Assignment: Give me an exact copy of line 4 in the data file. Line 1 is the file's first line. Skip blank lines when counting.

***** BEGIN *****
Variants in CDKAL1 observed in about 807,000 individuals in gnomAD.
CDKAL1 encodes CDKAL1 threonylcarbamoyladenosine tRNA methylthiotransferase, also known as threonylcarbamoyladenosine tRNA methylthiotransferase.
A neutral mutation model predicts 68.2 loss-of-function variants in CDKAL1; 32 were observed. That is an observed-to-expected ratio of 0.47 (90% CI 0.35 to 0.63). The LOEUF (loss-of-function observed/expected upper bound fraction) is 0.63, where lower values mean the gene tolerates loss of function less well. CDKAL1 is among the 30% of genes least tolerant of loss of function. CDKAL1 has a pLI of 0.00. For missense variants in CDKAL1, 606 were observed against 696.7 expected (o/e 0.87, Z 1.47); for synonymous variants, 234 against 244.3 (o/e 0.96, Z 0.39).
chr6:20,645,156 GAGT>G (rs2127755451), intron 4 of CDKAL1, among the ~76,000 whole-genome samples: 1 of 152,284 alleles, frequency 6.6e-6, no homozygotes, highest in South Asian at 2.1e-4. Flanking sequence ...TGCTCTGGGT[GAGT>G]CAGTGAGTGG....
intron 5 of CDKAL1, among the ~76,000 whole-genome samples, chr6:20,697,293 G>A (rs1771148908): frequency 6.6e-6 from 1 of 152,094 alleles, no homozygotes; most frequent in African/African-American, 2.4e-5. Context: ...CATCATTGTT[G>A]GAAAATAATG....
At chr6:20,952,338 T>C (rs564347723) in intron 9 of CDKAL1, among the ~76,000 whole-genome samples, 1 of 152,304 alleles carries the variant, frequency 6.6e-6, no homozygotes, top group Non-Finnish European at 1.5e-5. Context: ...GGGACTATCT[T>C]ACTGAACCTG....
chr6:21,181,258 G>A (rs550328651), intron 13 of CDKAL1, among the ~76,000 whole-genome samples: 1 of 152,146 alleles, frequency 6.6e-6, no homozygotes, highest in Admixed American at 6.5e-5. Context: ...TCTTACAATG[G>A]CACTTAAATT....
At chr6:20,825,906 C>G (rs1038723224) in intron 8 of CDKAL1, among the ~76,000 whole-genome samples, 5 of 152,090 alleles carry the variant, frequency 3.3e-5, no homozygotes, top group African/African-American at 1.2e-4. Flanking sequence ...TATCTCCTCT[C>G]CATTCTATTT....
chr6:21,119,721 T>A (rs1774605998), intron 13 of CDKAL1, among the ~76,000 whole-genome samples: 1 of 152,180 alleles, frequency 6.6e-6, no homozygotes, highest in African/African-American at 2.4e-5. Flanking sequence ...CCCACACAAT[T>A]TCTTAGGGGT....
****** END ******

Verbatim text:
chr6:20,645,156 GAGT>G (rs2127755451), intron 4 of CDKAL1, among the ~76,000 whole-genome samples: 1 of 152,284 alleles, frequency 6.6e-6, no homozygotes, highest in South Asian at 2.1e-4. Flanking sequence ...TGCTCTGGGT[GAGT>G]CAGTGAGTGG....